One of this extensions deals with RTS noise. Basically, it looks for a big difference between the subsequent skimmed samples. If there is an abrupt jump between one sample and the next, it might indicate RTS event. Then, digital state machine can implement a number of options: drop one sample out of many and increment the memory content, mark pixel as a bad pixel, or few other options.

      Another interesting extension is a Xenon flash remover. As Xennon flash is typically few 100s of us long, we can look for a big difference in the subsequent skimmed samples to recognize it.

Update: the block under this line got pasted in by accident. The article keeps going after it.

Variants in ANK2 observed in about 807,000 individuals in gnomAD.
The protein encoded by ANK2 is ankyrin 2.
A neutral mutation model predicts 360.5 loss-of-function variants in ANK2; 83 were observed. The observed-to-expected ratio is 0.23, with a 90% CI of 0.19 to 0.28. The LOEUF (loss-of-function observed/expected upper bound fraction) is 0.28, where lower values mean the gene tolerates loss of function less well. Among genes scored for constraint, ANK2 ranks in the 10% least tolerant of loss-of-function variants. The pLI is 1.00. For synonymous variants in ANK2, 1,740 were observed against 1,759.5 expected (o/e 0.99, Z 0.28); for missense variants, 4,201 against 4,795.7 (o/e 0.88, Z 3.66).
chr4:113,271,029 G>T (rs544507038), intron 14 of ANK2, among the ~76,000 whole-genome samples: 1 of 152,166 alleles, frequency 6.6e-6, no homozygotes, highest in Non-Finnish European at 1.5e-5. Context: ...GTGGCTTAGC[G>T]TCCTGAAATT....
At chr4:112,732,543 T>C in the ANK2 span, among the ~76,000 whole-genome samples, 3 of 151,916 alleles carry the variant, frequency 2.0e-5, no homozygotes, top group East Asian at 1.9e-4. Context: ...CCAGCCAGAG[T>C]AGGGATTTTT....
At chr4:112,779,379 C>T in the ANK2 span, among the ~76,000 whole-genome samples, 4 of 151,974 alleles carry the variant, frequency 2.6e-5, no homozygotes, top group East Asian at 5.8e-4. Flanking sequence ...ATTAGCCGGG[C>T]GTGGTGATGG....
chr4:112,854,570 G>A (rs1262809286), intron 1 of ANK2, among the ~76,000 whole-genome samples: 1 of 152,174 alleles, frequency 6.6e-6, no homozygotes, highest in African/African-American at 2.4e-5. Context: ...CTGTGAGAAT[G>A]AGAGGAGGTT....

There are few other extensions too, I'm just trying to keep it short. Otherwise nobody would read this.

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  5. How about power consumption?

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  6. Actually, our HDR proposal came primarily to leverage our low power voltage mode readout and high speed current mode readout with no PRNU. The first one consumes about 18-19mW for a 16MP, 30fps sensor. Marking it 300fps brings the power in range of 200mW, including the frame summation memory. It's not that low, but probably acceptable for an additional 20db of DR.

    The second current mode no-PRNU readout consumes more power, but it's about 20x faster. With it, one can make 1080p 60fps sensor with 40dB DR extension at about 900mW. It's is within reason for some applications, assuming that there is no motion and light flickering artifacts, no SNR drops, etc, as every and each photoelectron contributes into the final read out value.